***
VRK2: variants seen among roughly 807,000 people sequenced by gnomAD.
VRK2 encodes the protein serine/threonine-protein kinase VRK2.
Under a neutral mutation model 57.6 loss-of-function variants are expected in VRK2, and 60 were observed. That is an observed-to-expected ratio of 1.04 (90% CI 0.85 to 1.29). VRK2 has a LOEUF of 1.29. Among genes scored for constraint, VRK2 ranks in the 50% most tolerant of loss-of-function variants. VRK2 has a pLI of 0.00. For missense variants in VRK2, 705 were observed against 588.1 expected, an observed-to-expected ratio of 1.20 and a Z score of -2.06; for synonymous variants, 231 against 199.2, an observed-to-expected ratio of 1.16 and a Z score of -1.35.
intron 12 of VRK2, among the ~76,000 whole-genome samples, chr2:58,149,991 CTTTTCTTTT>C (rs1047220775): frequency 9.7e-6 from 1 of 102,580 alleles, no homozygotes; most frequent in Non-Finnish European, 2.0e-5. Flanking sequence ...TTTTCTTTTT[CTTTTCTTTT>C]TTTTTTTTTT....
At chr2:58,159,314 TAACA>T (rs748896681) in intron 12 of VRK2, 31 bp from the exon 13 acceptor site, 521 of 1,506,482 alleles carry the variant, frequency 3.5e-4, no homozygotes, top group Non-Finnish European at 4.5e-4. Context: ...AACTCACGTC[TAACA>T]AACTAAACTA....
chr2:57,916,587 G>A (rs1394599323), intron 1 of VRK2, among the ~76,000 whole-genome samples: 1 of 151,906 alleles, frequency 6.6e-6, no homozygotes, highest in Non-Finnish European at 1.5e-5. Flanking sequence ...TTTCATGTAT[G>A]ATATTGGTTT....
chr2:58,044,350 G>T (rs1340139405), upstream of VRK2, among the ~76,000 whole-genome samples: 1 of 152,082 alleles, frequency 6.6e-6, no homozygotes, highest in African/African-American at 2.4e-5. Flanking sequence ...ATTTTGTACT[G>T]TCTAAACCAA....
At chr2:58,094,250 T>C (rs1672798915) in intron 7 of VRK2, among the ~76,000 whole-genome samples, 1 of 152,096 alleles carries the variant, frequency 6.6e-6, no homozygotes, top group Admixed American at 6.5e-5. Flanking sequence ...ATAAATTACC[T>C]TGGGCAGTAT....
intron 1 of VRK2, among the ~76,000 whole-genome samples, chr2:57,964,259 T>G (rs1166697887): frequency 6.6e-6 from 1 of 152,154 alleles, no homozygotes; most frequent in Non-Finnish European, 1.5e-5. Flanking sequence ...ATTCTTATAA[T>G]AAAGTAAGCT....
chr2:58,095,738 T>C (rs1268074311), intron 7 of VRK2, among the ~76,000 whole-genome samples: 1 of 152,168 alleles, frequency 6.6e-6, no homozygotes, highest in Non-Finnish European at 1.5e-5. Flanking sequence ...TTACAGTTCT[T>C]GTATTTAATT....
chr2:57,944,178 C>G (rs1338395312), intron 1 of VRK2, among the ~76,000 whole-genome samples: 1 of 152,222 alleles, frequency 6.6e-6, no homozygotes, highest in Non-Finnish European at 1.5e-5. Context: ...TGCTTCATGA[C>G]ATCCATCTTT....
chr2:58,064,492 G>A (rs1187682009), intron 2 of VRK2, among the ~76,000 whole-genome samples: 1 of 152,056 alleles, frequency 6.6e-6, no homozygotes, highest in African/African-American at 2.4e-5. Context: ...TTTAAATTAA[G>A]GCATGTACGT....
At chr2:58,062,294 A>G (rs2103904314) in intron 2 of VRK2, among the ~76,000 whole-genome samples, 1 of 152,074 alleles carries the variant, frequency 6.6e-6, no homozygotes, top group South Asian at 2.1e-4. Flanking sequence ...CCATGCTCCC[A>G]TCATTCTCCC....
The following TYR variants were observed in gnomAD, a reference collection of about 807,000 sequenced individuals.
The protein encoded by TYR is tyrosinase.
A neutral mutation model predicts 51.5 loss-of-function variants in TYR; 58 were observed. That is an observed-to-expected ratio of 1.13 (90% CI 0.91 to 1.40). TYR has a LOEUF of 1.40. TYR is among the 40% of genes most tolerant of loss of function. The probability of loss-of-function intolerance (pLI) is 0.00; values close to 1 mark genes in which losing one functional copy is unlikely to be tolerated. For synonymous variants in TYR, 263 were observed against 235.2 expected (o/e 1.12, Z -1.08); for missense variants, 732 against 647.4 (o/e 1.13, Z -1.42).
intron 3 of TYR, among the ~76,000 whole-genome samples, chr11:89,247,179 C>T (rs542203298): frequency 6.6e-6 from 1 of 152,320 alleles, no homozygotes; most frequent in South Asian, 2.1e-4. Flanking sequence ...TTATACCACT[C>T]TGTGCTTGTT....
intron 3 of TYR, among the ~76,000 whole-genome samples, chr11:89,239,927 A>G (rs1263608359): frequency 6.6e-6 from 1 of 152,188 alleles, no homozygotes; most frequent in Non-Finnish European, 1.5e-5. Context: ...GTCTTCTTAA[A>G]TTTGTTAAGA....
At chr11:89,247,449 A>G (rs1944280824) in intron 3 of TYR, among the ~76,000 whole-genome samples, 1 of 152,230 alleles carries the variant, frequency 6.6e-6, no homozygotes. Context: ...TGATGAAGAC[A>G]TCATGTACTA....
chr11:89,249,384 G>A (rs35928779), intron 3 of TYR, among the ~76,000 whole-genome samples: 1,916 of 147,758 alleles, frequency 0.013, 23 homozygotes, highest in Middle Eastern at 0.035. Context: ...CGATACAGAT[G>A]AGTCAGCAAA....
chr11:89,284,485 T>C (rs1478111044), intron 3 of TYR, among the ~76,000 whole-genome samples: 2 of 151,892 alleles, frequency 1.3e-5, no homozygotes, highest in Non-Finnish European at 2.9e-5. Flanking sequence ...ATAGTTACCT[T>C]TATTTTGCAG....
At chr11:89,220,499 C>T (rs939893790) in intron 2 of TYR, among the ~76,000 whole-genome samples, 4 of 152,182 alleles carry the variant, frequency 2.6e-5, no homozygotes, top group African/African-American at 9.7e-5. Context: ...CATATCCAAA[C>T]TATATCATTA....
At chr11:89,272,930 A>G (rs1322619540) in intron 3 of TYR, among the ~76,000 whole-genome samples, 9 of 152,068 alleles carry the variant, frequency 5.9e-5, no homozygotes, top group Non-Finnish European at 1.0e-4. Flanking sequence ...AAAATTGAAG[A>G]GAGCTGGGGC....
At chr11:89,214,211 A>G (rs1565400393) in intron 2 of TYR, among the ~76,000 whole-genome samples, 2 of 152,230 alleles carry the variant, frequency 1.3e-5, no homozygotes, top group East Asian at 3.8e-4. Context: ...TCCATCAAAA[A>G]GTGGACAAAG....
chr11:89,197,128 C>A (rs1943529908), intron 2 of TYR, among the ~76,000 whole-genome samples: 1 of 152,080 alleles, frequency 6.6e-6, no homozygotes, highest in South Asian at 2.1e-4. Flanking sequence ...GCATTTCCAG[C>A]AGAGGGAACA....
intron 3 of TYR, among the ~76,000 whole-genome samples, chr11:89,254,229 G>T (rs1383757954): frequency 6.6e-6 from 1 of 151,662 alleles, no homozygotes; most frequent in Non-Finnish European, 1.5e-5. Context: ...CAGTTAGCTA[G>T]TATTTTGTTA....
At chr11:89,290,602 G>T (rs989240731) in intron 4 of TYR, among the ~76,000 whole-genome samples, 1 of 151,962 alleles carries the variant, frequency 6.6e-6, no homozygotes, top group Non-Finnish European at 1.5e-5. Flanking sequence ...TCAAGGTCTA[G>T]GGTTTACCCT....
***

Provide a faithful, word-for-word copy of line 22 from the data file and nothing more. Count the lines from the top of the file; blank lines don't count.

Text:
At chr11:89,220,499 C>T (rs939893790) in intron 2 of TYR, among the ~76,000 whole-genome samples, 4 of 152,182 alleles carry the variant, frequency 2.6e-5, no homozygotes, top group African/African-American at 9.7e-5. Context: ...CATATCCAAA[C>T]TATATCATTA....